Teacher Candidates Make Videos
Have you ever wondered why the infusion of digital technologies is largely lacking in pre-service teacher education across Canada? Or, why students are seldom exposed to a wide range of identities and perspectives necessary to negotiate difference in their daily lives, both face-to-face and online? Our upcoming conference presentation at the Canadian Society for the Study of Education (CSSE) responds to these pervasive educational challenges and seeks to guide educators who wish to learn:
- How to engage the identities and perspectives of Canada’s increasingly diverse student population
- How to integrate digital literacies across the elementary curriculum to prepare students for life, learning, and citizenship in networked global societies.
This SSHRC-funded visual ethnography involves 40 elementary student teachers in a Language Arts course in the Winter of 2017 at a large Canadian university. Elementary student teacher candidates collaborate to design instruction that involves students making videos to engage cross-curricular expectations and difference using a critical literacy approach.
At first, teacher candidates expressed trepidation about making videos. They worried about a lack of technical skills; questioned the relevance of video to engage curriculum and difference; and did not consider video making a practical classroom activity, due to time constraints and technology requirements. Most felt video production would be too difficult for students in the elementary grades. Do any of these remarks ring a bell?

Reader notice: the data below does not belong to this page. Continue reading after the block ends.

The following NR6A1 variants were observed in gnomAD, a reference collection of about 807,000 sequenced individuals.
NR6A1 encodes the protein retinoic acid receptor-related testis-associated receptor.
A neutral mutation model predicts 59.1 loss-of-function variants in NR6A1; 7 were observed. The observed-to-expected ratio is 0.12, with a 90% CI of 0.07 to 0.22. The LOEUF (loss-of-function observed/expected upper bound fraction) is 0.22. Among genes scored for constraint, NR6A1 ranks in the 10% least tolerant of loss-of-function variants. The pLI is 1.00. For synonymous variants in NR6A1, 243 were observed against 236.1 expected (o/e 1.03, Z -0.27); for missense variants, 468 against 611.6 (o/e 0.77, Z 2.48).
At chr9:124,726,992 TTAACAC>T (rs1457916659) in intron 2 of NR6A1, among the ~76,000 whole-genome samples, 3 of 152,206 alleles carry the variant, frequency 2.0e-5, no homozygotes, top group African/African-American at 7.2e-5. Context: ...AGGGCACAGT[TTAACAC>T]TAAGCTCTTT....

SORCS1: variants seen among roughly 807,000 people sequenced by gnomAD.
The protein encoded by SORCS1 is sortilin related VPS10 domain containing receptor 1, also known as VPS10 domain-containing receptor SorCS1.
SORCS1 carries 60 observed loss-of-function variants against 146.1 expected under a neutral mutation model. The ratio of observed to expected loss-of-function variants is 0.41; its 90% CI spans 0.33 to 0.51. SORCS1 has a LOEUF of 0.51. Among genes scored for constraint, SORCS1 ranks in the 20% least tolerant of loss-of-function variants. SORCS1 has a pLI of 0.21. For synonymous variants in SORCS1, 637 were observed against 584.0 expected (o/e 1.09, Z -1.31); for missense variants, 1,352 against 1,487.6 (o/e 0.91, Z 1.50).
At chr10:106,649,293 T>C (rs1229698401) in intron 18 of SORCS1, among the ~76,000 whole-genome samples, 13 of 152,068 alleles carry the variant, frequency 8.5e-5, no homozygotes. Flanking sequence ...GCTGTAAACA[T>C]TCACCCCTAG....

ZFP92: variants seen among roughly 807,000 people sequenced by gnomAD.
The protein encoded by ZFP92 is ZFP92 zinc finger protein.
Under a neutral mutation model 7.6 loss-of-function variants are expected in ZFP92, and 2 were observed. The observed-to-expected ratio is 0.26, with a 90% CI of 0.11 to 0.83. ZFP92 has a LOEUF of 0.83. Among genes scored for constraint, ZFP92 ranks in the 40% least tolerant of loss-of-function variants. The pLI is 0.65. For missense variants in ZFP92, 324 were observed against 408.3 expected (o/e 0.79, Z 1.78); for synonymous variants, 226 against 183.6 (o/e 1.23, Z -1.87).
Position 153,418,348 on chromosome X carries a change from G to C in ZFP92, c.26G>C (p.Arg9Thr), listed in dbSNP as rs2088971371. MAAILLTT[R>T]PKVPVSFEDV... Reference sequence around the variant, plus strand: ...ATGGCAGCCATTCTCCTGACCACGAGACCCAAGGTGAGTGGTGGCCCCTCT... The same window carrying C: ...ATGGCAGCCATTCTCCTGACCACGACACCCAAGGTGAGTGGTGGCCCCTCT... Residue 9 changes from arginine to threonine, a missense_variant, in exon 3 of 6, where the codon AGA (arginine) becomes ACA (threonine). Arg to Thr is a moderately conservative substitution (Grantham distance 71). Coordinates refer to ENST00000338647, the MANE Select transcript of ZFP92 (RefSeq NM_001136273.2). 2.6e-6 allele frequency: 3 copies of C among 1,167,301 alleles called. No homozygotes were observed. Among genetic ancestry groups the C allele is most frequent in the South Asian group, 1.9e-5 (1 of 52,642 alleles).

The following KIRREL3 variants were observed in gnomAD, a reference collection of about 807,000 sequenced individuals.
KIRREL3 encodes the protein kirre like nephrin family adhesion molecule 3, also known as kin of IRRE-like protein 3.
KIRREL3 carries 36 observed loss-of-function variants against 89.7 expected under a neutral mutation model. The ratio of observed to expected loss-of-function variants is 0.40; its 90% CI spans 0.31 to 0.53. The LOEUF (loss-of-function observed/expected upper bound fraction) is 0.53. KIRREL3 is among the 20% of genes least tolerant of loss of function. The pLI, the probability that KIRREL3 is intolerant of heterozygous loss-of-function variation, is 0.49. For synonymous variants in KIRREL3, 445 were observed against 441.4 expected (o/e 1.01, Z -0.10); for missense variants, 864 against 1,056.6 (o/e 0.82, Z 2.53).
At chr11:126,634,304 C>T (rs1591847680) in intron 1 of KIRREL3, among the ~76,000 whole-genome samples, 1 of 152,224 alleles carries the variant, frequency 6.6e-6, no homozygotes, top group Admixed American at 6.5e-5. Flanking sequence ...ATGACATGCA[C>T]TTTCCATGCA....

However, this hands-on experience with collaborative video making greatly expanded student teachers’ conceptions of new literacies in the classroom, and their attitudes towards video making changed dramatically. Teacher candidates were surprised making a video was easier than they had expected. Every group went beyond what was expected because they found making videos pleasurable and relevant. They were impressed by how making videos fosters collaborative skills and a sense of community. Most importantly, virtually all participants indicated a willingness to incorporate video into their own practice. One student teacher responded: “We had a lot of fun doing this, and that’s what we want for students. It’s much simpler (to make a video) than people think. Kids who aren’t strong writers can express themselves by making a video.”
The process of teaching and learning New Literacies is complex and involves more than access to technology. Curriculum, pedagogy, and teacher education must be reimagined. This research takes up this challenge. If you wish to learn more about how to incorporate powerful, multi-dimensional, and transformational lessons using digital technologies this is your chance. We present at the CSSE at the University of British Columbia on June 5 at 1:30 in (ANGU) 350.
To read more about this research:
Watt, D. (in press). Video Production in Elementary Teacher Education as a Critical Digital Literacy Practice. Media and Communication, 7(2). DOI: 10.17645/mac.v7i2.1967 Media & Communication IN PRESS Watt June_2019